Ads on golf cart GPS screens explained

September 12, 2008 by Dave Haynes

I have posted a few times about my skepticism regarding the advertising on golf carts thing as a viable advertising model for little digital screens.

The idea is to include advertising on the GPS screens mounted in carts of courses I can’t afford to play, to tell hackers how far it is back to the fairway.

I wonder, first, if there are anywhere near enough sets of eyeballs each day, no matter how many clubs are installed. And second, how hard this is to sell?

MediaPost did a network profile on ProLink Media, which relentlessly issues news releases as it adds new sites, and i am a little more enlightened and on board with the concept. But not sold.

The proximity part will enable marketers to reach ProLink’s high-end consumer base – typically affluent, middle-aged males with high earning and discretionary buying power – at a time when they are relaxing, and acutely focused on the content adjacent to those brand messages: GPS-based estimates guiding them on the distance to the next hole, and the golf clubs they would need to effectively make that shot.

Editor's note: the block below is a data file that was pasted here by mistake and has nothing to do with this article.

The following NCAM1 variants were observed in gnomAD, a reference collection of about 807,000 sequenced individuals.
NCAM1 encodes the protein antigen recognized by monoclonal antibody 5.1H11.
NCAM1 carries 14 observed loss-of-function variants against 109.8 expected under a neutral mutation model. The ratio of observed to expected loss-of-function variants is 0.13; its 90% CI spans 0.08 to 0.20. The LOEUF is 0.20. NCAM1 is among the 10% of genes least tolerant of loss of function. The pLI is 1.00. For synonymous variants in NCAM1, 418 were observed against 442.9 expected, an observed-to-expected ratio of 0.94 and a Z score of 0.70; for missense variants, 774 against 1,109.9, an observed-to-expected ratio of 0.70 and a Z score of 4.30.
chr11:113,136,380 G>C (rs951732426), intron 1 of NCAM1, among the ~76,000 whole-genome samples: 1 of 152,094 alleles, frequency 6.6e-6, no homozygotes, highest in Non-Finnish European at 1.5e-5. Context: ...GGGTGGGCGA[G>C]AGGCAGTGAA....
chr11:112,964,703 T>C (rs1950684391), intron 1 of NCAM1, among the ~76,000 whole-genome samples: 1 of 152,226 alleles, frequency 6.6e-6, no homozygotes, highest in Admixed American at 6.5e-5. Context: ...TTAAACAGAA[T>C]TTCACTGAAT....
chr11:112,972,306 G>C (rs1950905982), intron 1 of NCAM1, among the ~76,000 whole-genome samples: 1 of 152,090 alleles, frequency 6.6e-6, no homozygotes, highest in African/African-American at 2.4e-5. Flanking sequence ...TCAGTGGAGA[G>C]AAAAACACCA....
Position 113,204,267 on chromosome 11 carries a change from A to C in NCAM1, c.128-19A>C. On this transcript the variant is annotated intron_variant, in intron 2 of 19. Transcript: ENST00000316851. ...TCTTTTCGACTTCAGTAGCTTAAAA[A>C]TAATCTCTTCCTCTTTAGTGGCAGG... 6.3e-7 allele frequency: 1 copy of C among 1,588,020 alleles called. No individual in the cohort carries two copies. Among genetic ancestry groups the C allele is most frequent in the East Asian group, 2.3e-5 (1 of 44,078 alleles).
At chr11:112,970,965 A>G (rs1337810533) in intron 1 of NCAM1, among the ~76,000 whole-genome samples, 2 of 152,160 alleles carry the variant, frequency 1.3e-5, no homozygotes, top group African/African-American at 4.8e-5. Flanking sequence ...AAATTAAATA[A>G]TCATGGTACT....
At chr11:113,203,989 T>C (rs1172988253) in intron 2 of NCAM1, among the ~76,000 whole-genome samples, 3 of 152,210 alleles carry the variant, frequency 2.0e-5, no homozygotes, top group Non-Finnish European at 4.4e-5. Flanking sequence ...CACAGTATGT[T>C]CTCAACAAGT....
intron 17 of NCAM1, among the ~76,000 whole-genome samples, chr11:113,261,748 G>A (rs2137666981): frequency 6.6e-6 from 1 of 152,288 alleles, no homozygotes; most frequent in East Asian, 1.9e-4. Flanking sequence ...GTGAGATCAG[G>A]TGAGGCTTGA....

“Our research shows that the GPS system actually improves, on average, four strokes per round for the average player,” Batkin notes, adding that the average “dwell” time per ad message between each hole is about 12 minutes, and typically incorporates three distinct messages: a quarter page ad when the player tees up, a new quarter page ad when he or she hits the fairway (150 yards from the green), and a final full-page ad when the player takes the green.

Findings from an Edison Research study indicate that the combination of ad rotation and proximity are especially effective, generating unaided recall of brand messages as high as 70%.

“The fact that people are looking at that screen maybe five to eight times at a particular hole puts us in a very unique position. That’s why the recall rates are so high, because the advertising is adjacent to very vital information that people are using to select the right club for their needs,” Batkin explains, citing are recent campaign run by Micheloeb as a good example. The beer marketer ran one message at the 9th hole reminding golfers that they are “getting close to the club house,” also infamously known as the 19th hole. At the 18th hole the Micheloeb messages change to “finish strong” and end with “one good round deserves another.”

ProLink says it reaches more than 13 million golfers in the US via its 30,000 GPS screens. The audience is primarily male, with an average net worth of more than $1.4 million andannual household income exceeding $165,000.

The company has an upfront show and tell for New York media planners later this month.

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